I think the President understands we’ve got financial problems. But I have a much clearer view of his financial problems today. And let’s just hope that, working with the multilateral agencies and then with our own Treasury, that we can be of further assistance to Turkey.
Q. Can I just follow up? What about on the military aid component? What increased aid will be given?
President Bush. Well, without going into the specific list, there are certain things that Turkey has, things that I think would be in the interest of Turkey as a NATO partner. And we will be discussing those in detail with Secretary Cheney and others. President Ozal had a chance prior to this meeting to go over that with Jim Baker because, as you remember, the Secretary stopped by there. And incidentally, Secretary Baker was up there with us this morning.
So again, I don’t want to go into the detail. I’d be glad to have President Ozal add anything to this. But Turkey has some specific military requirements, and we’re discussing them.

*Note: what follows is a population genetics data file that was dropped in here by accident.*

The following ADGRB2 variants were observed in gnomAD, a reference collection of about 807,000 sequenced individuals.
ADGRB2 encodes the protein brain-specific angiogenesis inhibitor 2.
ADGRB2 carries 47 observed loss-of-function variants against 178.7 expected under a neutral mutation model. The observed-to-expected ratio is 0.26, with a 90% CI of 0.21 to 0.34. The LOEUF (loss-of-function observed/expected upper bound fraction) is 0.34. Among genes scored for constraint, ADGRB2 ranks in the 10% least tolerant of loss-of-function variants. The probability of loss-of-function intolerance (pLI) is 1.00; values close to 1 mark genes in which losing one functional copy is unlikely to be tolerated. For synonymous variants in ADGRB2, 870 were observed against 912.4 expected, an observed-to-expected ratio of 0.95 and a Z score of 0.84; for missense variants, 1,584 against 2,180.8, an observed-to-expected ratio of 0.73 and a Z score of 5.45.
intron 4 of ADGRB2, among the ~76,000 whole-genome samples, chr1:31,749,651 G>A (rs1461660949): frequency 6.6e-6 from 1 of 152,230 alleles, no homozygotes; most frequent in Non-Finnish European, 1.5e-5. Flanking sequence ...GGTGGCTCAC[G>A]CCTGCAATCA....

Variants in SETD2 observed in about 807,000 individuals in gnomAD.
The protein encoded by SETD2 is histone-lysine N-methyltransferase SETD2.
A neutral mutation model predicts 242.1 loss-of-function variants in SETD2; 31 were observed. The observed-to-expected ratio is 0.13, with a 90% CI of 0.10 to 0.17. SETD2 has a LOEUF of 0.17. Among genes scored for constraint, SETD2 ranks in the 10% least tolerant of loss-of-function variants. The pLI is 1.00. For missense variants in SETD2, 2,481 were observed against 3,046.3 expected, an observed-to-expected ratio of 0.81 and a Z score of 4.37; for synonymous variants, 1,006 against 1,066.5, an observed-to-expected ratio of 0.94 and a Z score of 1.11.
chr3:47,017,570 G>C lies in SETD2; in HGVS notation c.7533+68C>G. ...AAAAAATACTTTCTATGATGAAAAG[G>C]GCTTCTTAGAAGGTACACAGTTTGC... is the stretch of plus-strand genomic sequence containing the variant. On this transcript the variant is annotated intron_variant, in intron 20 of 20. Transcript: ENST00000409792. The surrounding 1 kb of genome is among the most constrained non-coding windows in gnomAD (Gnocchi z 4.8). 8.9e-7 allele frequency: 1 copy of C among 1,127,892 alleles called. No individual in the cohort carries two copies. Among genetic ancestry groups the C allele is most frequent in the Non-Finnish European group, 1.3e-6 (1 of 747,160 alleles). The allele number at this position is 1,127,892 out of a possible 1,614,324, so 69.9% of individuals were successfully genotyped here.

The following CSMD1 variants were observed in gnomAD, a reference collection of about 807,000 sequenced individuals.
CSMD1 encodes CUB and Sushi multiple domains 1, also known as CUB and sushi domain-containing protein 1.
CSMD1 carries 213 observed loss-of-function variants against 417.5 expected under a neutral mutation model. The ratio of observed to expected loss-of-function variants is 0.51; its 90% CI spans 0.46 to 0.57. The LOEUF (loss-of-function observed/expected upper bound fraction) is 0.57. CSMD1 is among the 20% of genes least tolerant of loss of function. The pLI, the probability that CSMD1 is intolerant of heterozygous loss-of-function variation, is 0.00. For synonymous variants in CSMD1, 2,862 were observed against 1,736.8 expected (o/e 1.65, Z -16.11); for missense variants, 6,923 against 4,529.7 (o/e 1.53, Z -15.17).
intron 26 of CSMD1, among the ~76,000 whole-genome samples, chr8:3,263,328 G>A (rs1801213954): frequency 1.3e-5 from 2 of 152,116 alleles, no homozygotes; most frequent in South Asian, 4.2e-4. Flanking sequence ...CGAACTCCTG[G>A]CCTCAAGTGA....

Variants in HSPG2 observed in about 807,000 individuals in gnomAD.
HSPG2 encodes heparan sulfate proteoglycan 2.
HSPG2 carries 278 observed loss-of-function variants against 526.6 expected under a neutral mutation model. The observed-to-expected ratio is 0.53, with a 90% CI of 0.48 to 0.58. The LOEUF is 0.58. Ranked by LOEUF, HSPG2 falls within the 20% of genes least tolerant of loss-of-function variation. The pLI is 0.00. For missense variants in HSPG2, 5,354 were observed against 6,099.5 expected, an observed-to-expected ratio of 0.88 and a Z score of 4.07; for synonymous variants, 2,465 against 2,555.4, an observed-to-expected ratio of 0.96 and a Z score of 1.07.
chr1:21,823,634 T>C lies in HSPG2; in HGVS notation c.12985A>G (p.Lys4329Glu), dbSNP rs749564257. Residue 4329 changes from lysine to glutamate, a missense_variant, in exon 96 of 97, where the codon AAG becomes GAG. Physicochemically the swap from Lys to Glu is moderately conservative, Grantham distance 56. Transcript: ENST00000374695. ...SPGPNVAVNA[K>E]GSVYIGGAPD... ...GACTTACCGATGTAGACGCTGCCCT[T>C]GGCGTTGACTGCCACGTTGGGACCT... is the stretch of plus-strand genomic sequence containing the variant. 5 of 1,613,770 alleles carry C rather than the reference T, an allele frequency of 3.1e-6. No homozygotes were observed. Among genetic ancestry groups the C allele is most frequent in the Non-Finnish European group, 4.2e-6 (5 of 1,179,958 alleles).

President Ozal. Probably Turkish newspaper people know that our aim to have smaller but very well-organized armed forces — I mean, modernized. And if we could get some help on this matter, it would be very much appreciated. That’s all.
President Bush. The Turkish journalists — who’s the next Turkish journalist? You’re not Turkish — get out of there. [Laughter] Way in the back.
Q. — — your agreement to expand the scope and the framework of the Turkish-American military cooperation so that it would cover non-NATO contingencies and missions as well?
President Ozal. We have not discussed that.
Situation in Iraq
Q. Mr. President, do you think that Iraq would be better off if the Kurds or the Shiites succeeded in toppling Saddam Hussein?